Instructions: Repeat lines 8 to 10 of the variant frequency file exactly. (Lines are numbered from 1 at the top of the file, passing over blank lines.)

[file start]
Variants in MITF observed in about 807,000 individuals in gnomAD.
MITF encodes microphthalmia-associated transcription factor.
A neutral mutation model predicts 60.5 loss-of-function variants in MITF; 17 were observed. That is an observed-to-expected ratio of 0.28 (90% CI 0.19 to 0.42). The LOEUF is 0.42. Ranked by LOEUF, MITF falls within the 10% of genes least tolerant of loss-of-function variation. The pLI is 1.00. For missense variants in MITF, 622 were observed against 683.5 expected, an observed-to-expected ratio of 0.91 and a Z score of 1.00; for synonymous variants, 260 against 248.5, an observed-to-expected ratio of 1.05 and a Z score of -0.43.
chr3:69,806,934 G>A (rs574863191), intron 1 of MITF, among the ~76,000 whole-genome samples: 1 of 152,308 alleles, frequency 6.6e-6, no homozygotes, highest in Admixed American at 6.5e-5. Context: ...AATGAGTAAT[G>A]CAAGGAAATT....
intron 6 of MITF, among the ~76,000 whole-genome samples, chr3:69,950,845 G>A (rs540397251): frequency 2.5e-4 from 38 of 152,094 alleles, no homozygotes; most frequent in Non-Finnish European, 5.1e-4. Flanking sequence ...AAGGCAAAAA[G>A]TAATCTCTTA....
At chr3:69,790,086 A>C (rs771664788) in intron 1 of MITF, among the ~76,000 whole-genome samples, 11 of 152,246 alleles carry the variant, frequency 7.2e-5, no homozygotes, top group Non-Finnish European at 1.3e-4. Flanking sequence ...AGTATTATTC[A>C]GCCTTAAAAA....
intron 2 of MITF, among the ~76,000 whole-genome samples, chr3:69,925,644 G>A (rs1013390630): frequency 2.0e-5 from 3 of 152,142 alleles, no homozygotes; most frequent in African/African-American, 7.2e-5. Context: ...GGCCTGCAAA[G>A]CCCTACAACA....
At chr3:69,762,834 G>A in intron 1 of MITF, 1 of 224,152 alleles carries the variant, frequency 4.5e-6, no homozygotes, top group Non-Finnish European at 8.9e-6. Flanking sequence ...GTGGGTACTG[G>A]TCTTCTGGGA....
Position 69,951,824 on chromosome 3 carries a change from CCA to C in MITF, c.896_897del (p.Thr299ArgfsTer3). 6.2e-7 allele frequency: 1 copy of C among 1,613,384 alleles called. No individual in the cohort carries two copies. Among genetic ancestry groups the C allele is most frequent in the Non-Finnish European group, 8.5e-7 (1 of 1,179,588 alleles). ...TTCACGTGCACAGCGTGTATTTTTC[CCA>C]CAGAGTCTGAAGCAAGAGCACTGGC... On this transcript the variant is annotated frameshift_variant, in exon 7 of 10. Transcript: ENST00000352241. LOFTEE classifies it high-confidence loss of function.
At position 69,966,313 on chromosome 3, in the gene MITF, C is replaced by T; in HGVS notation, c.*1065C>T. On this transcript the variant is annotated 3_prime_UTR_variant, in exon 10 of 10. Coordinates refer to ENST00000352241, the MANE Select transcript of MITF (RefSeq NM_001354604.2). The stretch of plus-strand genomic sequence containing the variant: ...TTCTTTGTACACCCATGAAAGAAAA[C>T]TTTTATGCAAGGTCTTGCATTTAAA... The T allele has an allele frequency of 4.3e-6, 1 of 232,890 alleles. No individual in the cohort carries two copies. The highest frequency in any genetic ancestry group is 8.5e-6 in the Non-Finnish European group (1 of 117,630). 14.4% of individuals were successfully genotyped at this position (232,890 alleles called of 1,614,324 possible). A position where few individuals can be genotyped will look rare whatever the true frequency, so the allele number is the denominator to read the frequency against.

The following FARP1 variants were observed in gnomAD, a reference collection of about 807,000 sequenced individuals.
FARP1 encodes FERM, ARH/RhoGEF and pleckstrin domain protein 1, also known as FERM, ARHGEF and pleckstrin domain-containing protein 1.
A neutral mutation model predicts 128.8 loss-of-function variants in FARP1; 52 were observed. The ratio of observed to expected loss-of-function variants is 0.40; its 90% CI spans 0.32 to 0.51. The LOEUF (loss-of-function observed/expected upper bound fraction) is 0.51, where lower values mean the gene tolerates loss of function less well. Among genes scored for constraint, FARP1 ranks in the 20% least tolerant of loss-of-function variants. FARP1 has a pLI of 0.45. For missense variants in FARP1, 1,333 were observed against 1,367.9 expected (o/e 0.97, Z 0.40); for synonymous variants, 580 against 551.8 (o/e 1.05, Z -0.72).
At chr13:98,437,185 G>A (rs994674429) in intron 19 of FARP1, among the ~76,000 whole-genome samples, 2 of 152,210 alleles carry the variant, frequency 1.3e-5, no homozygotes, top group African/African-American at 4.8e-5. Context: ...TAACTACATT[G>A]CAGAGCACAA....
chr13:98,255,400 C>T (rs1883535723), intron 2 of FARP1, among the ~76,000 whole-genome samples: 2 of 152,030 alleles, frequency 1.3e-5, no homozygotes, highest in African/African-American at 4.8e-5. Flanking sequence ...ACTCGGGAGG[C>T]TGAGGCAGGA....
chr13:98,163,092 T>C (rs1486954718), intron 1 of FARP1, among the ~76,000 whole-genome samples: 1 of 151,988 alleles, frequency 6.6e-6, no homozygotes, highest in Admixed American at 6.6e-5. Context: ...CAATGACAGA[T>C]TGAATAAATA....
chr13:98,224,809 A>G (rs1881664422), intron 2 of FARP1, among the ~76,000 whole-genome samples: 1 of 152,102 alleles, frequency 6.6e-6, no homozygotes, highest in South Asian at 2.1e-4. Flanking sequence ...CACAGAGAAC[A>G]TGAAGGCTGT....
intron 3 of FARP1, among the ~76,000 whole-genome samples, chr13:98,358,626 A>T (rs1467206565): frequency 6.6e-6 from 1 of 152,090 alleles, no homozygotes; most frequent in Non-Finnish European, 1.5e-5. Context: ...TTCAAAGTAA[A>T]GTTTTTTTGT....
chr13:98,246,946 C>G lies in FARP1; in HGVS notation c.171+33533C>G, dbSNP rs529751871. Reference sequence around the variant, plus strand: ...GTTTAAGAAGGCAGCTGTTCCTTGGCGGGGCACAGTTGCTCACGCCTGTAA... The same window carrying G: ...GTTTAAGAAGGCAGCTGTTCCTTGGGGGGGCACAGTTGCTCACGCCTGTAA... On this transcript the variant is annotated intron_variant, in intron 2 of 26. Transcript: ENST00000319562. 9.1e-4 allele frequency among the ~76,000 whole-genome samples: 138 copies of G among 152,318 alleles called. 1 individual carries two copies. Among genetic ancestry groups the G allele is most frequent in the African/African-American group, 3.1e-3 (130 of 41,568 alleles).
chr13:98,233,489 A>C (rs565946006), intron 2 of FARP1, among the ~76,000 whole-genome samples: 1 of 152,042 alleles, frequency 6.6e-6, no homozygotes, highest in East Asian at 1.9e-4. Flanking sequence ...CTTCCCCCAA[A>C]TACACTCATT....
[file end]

At chr3:69,762,834 G>A in intron 1 of MITF, 1 of 224,152 alleles carries the variant, frequency 4.5e-6, no homozygotes, top group Non-Finnish European at 8.9e-6. Flanking sequence ...GTGGGTACTG[G>A]TCTTCTGGGA....
Position 69,951,824 on chromosome 3 carries a change from CCA to C in MITF, c.896_897del (p.Thr299ArgfsTer3). 6.2e-7 allele frequency: 1 copy of C among 1,613,384 alleles called. No individual in the cohort carries two copies. Among genetic ancestry groups the C allele is most frequent in the Non-Finnish European group, 8.5e-7 (1 of 1,179,588 alleles). ...TTCACGTGCACAGCGTGTATTTTTC[CCA>C]CAGAGTCTGAAGCAAGAGCACTGGC... On this transcript the variant is annotated frameshift_variant, in exon 7 of 10. Transcript: ENST00000352241. LOFTEE classifies it high-confidence loss of function.
At position 69,966,313 on chromosome 3, in the gene MITF, C is replaced by T; in HGVS notation, c.*1065C>T. On this transcript the variant is annotated 3_prime_UTR_variant, in exon 10 of 10. Coordinates refer to ENST00000352241, the MANE Select transcript of MITF (RefSeq NM_001354604.2). The stretch of plus-strand genomic sequence containing the variant: ...TTCTTTGTACACCCATGAAAGAAAA[C>T]TTTTATGCAAGGTCTTGCATTTAAA... The T allele has an allele frequency of 4.3e-6, 1 of 232,890 alleles. No individual in the cohort carries two copies. The highest frequency in any genetic ancestry group is 8.5e-6 in the Non-Finnish European group (1 of 117,630). 14.4% of individuals were successfully genotyped at this position (232,890 alleles called of 1,614,324 possible). A position where few individuals can be genotyped will look rare whatever the true frequency, so the allele number is the denominator to read the frequency against.